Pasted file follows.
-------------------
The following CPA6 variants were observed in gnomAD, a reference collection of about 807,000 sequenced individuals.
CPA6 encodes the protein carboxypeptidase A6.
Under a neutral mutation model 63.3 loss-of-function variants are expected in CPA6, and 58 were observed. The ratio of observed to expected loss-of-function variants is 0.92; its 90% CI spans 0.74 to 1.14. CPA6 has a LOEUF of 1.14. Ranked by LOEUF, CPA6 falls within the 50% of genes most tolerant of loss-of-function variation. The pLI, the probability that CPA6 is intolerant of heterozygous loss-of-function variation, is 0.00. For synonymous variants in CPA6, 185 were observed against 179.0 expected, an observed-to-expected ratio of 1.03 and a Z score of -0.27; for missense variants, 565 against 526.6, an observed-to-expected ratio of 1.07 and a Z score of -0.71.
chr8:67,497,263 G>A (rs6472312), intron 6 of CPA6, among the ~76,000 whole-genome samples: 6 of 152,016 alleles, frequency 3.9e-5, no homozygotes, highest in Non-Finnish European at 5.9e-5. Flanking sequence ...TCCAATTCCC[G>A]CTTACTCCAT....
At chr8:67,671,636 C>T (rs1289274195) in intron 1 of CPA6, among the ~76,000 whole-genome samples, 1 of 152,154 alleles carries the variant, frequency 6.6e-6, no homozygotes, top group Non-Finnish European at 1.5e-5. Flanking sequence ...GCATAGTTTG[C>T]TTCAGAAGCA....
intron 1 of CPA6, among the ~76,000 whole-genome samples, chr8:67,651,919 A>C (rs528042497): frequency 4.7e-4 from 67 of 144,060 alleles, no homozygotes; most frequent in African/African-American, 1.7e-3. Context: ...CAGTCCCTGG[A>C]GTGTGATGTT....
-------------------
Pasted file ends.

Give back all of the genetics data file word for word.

The following CPA6 variants were observed in gnomAD, a reference collection of about 807,000 sequenced individuals.
CPA6 encodes the protein carboxypeptidase A6.
Under a neutral mutation model 63.3 loss-of-function variants are expected in CPA6, and 58 were observed. The ratio of observed to expected loss-of-function variants is 0.92; its 90% CI spans 0.74 to 1.14. CPA6 has a LOEUF of 1.14. Ranked by LOEUF, CPA6 falls within the 50% of genes most tolerant of loss-of-function variation. The pLI, the probability that CPA6 is intolerant of heterozygous loss-of-function variation, is 0.00. For synonymous variants in CPA6, 185 were observed against 179.0 expected, an observed-to-expected ratio of 1.03 and a Z score of -0.27; for missense variants, 565 against 526.6, an observed-to-expected ratio of 1.07 and a Z score of -0.71.
chr8:67,497,263 G>A (rs6472312), intron 6 of CPA6, among the ~76,000 whole-genome samples: 6 of 152,016 alleles, frequency 3.9e-5, no homozygotes, highest in Non-Finnish European at 5.9e-5. Flanking sequence ...TCCAATTCCC[G>A]CTTACTCCAT....
At chr8:67,671,636 C>T (rs1289274195) in intron 1 of CPA6, among the ~76,000 whole-genome samples, 1 of 152,154 alleles carries the variant, frequency 6.6e-6, no homozygotes, top group Non-Finnish European at 1.5e-5. Flanking sequence ...GCATAGTTTG[C>T]TTCAGAAGCA....
intron 1 of CPA6, among the ~76,000 whole-genome samples, chr8:67,651,919 A>C (rs528042497): frequency 4.7e-4 from 67 of 144,060 alleles, no homozygotes; most frequent in African/African-American, 1.7e-3. Context: ...CAGTCCCTGG[A>C]GTGTGATGTT....